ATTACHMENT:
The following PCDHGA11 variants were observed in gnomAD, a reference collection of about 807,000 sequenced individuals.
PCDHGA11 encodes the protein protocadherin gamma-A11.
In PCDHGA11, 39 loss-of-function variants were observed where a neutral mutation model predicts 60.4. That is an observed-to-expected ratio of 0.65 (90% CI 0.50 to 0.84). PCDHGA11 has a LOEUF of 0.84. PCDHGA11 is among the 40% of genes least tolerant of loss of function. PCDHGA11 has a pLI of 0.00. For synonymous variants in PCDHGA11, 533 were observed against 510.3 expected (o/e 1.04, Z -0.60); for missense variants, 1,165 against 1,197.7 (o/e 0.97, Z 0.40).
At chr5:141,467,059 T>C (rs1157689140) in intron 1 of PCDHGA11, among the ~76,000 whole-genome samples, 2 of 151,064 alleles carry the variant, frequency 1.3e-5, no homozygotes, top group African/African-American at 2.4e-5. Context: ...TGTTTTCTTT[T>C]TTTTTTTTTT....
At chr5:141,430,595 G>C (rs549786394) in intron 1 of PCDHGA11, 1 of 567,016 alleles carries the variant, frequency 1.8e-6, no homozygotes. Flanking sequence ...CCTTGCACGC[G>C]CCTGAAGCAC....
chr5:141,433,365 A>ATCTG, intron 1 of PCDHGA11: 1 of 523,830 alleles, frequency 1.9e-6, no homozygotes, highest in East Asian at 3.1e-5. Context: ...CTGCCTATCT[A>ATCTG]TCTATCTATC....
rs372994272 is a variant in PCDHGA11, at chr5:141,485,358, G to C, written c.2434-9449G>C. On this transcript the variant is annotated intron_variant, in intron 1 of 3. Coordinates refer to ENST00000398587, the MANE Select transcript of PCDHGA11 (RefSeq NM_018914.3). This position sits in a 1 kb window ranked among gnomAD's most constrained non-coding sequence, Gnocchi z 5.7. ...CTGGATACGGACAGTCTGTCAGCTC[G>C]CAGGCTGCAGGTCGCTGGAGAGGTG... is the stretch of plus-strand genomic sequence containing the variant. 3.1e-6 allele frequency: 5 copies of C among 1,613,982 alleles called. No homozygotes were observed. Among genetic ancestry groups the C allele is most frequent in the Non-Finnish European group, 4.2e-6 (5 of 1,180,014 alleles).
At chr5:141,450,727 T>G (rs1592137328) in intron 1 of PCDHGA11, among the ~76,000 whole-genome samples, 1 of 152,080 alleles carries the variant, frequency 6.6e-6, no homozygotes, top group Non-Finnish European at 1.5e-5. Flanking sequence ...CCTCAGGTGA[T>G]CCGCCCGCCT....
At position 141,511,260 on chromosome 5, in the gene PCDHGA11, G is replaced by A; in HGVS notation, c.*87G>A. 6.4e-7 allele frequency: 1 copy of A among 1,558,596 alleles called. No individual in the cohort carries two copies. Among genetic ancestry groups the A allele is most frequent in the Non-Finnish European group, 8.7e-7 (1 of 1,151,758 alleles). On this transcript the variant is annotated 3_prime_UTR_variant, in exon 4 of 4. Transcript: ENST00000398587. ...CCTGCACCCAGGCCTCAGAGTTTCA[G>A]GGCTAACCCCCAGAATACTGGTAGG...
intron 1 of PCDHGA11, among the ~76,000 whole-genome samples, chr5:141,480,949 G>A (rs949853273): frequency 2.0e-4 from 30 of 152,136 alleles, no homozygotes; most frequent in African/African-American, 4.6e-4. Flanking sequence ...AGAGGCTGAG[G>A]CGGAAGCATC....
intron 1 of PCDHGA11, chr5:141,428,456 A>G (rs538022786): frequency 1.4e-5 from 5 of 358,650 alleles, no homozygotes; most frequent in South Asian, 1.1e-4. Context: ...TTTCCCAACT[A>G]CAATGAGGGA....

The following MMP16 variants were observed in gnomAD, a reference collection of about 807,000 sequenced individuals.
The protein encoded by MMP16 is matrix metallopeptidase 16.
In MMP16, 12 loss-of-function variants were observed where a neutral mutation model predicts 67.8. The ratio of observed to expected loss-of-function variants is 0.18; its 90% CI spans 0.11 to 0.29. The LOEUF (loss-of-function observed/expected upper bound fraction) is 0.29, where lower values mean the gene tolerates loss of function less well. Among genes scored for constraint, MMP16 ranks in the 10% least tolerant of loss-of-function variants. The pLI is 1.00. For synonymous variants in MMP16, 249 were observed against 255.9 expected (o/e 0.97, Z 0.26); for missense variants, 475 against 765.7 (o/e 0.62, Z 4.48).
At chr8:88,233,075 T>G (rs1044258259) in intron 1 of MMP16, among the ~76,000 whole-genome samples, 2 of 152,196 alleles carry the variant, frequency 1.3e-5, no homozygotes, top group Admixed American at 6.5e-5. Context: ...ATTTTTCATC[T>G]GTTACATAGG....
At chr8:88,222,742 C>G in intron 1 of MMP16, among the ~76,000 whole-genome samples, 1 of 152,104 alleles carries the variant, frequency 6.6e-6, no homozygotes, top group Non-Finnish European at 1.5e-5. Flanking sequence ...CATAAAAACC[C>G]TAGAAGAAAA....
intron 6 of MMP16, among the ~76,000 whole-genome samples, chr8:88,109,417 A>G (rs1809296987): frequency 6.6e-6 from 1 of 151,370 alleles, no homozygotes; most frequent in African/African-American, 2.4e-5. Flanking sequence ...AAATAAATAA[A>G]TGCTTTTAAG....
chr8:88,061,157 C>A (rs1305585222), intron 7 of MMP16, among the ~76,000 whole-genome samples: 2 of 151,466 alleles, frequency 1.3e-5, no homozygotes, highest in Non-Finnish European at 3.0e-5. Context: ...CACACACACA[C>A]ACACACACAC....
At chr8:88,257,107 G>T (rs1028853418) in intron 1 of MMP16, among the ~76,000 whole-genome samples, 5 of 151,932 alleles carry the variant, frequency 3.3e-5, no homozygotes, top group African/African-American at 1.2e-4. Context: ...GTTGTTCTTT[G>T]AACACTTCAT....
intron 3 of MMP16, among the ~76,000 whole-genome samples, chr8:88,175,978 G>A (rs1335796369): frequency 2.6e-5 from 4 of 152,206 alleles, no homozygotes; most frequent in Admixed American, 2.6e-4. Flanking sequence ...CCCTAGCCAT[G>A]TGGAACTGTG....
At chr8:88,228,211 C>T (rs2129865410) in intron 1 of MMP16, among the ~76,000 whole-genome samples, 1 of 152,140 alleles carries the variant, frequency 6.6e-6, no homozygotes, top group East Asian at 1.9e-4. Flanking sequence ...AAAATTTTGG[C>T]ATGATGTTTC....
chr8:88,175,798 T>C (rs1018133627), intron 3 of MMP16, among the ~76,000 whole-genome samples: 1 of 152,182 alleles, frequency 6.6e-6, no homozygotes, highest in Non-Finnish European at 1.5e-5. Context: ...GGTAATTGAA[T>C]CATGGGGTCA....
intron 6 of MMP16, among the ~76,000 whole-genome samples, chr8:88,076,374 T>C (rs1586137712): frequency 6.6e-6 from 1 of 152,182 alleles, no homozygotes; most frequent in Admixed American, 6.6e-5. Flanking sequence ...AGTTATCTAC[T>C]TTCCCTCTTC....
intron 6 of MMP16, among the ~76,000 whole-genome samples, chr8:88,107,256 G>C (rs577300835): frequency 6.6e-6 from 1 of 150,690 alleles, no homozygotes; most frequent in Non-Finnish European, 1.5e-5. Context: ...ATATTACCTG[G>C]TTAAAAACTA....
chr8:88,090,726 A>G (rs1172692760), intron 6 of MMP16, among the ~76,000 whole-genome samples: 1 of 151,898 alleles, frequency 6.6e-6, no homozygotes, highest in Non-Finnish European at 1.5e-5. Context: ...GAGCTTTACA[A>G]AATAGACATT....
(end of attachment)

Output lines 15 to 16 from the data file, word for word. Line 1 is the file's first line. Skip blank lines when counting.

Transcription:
At chr8:88,233,075 T>G (rs1044258259) in intron 1 of MMP16, among the ~76,000 whole-genome samples, 2 of 152,196 alleles carry the variant, frequency 1.3e-5, no homozygotes, top group Admixed American at 6.5e-5. Context: ...ATTTTTCATC[T>G]GTTACATAGG....
At chr8:88,222,742 C>G in intron 1 of MMP16, among the ~76,000 whole-genome samples, 1 of 152,104 alleles carries the variant, frequency 6.6e-6, no homozygotes, top group Non-Finnish European at 1.5e-5. Flanking sequence ...CATAAAAACC[C>G]TAGAAGAAAA....